Mary Haskell Minis (she wed Jacob Florance Minis in 1923) donated her personal collection of nearly one hundred original works of art by Gibran to the Telfair Museum of Art in Savannah, Georgia in 1950. Haskell had been thinking of placing her collection at the Telfair as early as 1914. In a letter to Gibran, she wrote "I am thinking of other museums ... the unique little Telfair Gallery in Savannah, Ga., that Gari Melchers chooses pictures for. There when I was a visiting child, form burst upon my astonished little soul." Haskell's gift to the Telfair is the largest public collection of Gibran’s visual art in the country, consisting of five oils and numerous works on paper rendered in the artist’s lyrical style, which reflects the influence of symbolism. The future American royalties to his books were willed to his hometown of Bsharri, to be "used for good causes"; but this led to years of controversy and violence over the distribution of the money, and eventually the Lebanese government became the overseer.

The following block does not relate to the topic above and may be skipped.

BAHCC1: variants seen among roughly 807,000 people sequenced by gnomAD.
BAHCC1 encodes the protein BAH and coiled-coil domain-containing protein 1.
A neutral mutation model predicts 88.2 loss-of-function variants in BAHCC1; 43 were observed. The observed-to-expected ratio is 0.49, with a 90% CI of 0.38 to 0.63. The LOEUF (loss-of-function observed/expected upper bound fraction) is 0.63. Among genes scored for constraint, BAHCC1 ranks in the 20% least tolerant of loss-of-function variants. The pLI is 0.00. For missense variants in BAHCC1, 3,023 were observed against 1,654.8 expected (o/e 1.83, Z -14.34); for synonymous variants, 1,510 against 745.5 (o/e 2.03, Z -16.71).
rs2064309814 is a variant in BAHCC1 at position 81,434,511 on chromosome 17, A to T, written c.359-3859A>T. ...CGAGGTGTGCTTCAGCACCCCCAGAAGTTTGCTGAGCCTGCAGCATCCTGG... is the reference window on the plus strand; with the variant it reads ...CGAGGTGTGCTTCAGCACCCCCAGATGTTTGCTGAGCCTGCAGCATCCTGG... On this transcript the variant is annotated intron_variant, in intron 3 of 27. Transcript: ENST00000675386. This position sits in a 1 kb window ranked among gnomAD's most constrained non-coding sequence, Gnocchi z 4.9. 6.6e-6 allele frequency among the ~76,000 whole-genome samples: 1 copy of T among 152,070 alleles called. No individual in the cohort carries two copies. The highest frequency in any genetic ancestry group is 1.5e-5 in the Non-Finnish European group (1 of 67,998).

- Nubthah fi Fan Al-Musiqa (Music, 1905)
- Ara'is al-Muruj (Nymphs of the Valley, also translated as Spirit Brides and Brides of the Prairie, 1906)
- al-Arwah al-Mutamarrida (Spirits Rebellious, 1908)
- al-Ajniha al-Mutakassira (Broken Wings , 1912)
- Dam'a wa Ibtisama (A Tear and A Smile, 1914)
- al-Mawakib (The Processions, 1919)
- al-‘Awāsif (The Tempests, 1920)
- al-Bada'i' waal-Tara'if (The New and the Marvellous, 1923)
In English, prior to his death:
- The Madman (1918))
- Twenty Drawings (1919)
- The Forerunner (1920)
- The Prophet (1923)
- Sand and Foam (1926)
- Kingdom of the Imagination (1927)
- Jesus, The Son of Man (1928)
- The Earth Gods (1931)
Posthumous, in English:
- The Wanderer (1932)
- The Garden Of The Prophet (1933, Completed by Barbara Young)
- Lazarus and his Beloved (Play, 1933)
- Prose Poems (1934)
- Secrets of the Heart (1947)
- A Treasury of Kahlil Gibran (1951)
- A Self-Portrait (1959)
- Thoughts and Meditations (1960)
- A Second Treasury of Kahlil Gibran (1962)
- Spiritual Sayings (1962)
- Voice of the Master (1963)
- Mirrors of the Soul (1965)
- Between Night & Morn (1972)
- A Third Treasury of Kahlil Gibran (1975)
- The Storm (1994)
- The Beloved (1994)
- The Vision (1994)
- Eye of the Prophet (1995)
- The Treasured Writings of Kahlil Gibran (1995)
- Beloved Prophet, The love letters of Khalil Gibran and Mary Haskell, and her private journal (1972, edited by Virginia Hilu)
This article incorporates text from the Wikipedia, the free encyclopedia.